Why She Left Us, Rahna Reiko Rizzuto

At the library the other day, I did two things that I never do.  First, I walked in with a self-imposed limit to get no more than ten books.  Then when I was looking for the books I wanted, I grabbed random books off the shelves because they looked interesting.  This is so not me.  I am not that girl.  Indie Sister is that girl, but I am not that girl.  I get books I’ve heard of, or at least books I’ve seen around several times before and I can’t take the curiosity anymore.

Well, this isn’t like that.  I liked the title and I liked the cover and the blurb so I just grabbed it, and I read it while I was waiting for the Cox people to come set up cable at my brand-new! closet-and-counter-space-rich! townhouse! apartment!

Why She Left Us is all about a Japanese-American family and their secrets.  During the second World War they were all in internment camps (or whatever they’re being called these days), and it was damaging for everyone.  The story goes back and forth between past and present, and between the points of view of different family members at different times in their lives.  The grandmother is telling the story to her granddaughter Mariko, and Mariko is finding out secrets as an adult; and then you have the points of view of Mariko’s mother’s brother, Jack, and Mariko’s brother Eric, at different points in their lives.

In a way this works really well.  I have this ceaseless obsession with point of view.  It’s something I loved about Orson Scott Card’s Speaker for the Dead – how you have the human point of view and then when you discover how the pequeninos see the same events, everything shifts.  Wilkie Collins’s The Woman in White and especially The Moonstone charm me, the way they use different narrators to tell different bits of the story.  Barbara Kingsolver does it in Poisonwood Bible with amazing facility.  Juggling points of view was one of the first things I remember mimicking when I was a kid.  Why She Left Us does a cool thing – you get the points of view of the characters who react, but not the characters to whom people are reacting.  The two most active characters, who create most of what everyone else responds to, you never know what they’re thinking; you only see how they affect the people around them.  Wilkie Collins does it in The Moonstone, never using Rachel’s point of view, and it’s a technique I really like a lot.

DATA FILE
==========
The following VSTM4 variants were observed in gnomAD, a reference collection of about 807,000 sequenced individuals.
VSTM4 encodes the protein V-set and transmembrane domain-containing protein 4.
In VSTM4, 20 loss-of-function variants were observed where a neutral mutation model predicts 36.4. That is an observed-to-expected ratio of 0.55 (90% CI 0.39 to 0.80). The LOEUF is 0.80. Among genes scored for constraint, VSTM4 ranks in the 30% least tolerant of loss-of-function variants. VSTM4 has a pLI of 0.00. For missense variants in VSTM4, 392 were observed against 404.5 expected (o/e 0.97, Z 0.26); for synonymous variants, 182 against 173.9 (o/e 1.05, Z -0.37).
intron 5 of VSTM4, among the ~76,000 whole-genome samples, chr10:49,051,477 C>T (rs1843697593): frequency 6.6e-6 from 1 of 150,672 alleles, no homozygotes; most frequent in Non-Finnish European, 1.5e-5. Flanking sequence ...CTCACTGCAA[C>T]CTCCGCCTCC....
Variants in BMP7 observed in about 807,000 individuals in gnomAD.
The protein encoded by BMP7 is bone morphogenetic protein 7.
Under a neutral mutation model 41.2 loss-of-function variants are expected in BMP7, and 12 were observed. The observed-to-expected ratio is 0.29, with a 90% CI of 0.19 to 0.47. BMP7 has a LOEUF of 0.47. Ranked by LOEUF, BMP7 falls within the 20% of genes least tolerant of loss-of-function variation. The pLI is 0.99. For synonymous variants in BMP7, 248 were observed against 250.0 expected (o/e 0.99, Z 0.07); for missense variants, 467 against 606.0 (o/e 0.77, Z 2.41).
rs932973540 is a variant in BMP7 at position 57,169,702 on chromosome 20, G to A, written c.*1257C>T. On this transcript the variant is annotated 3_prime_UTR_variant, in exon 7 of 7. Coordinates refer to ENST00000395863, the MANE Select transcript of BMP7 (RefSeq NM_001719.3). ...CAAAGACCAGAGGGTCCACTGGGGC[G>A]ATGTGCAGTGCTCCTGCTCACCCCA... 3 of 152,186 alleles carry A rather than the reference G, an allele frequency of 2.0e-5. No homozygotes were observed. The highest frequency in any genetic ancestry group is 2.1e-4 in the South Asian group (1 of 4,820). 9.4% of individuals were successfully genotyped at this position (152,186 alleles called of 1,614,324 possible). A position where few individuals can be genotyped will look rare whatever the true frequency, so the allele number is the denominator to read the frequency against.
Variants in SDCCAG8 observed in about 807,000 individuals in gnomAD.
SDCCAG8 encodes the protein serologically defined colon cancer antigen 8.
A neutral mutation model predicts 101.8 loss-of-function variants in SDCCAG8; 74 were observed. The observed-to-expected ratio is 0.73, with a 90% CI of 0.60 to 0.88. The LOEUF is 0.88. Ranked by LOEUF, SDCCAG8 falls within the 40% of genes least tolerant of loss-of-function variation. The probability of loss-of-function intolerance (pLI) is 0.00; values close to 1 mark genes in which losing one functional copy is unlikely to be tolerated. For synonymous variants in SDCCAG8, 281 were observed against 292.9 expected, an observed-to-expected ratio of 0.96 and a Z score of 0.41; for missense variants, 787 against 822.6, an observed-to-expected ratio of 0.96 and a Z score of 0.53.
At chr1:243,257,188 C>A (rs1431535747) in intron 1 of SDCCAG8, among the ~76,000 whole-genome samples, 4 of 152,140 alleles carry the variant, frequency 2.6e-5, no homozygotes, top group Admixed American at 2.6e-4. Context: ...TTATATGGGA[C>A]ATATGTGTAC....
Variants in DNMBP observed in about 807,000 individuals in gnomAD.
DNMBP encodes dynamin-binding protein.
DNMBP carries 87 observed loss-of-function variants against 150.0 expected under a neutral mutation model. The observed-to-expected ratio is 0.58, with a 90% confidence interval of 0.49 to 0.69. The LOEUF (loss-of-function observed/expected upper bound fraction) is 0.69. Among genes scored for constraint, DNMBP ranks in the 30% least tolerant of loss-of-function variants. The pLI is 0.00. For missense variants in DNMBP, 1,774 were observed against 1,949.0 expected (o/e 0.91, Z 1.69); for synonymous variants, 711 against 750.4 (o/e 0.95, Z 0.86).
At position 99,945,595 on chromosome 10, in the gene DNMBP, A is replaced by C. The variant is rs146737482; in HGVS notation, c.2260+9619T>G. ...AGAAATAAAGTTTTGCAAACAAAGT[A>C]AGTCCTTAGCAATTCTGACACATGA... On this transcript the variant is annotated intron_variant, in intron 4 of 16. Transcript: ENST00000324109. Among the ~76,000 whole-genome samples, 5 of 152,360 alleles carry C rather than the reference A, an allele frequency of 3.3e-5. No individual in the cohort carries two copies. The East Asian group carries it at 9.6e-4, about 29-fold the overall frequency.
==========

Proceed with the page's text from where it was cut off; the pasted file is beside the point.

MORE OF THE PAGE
On the other hand, I didn’t like it how one character narrated in first person while all the others are in third.  I found the use of the present tense in the third-person characters sections jarring.  It distracted me from enjoying the book as much.  And then the whole thing was really sad and made me feel ashamed of our country.  Especially Michelle Malkin, who still thinks internment camps were good.

I think I come out just about neutral on this one.  The book was sad and in some ways disturbing, and I don’t know if I’d necessarily recommend it.

  • 🙂 Thanks for a truly entertaining visit. I did not intend to stay so long, but well, one book review led to another, so I just gave in and had a great time!

  • jennysbooks

    Thanks! I always enjoy your book reviews too – anyway, the Jenny Claires of this world have to stick together. 🙂

  • Really, lukewarm? I LOVED this book and thought the third person detachment was necessary and real considering the characters’ post-traumatic responses to the war and postwar world. Reading this book was like sitting down and talking to my family members; then again, my family did go through the internment.

    Anyway, glad you gave it some press and praise.

    Mayumi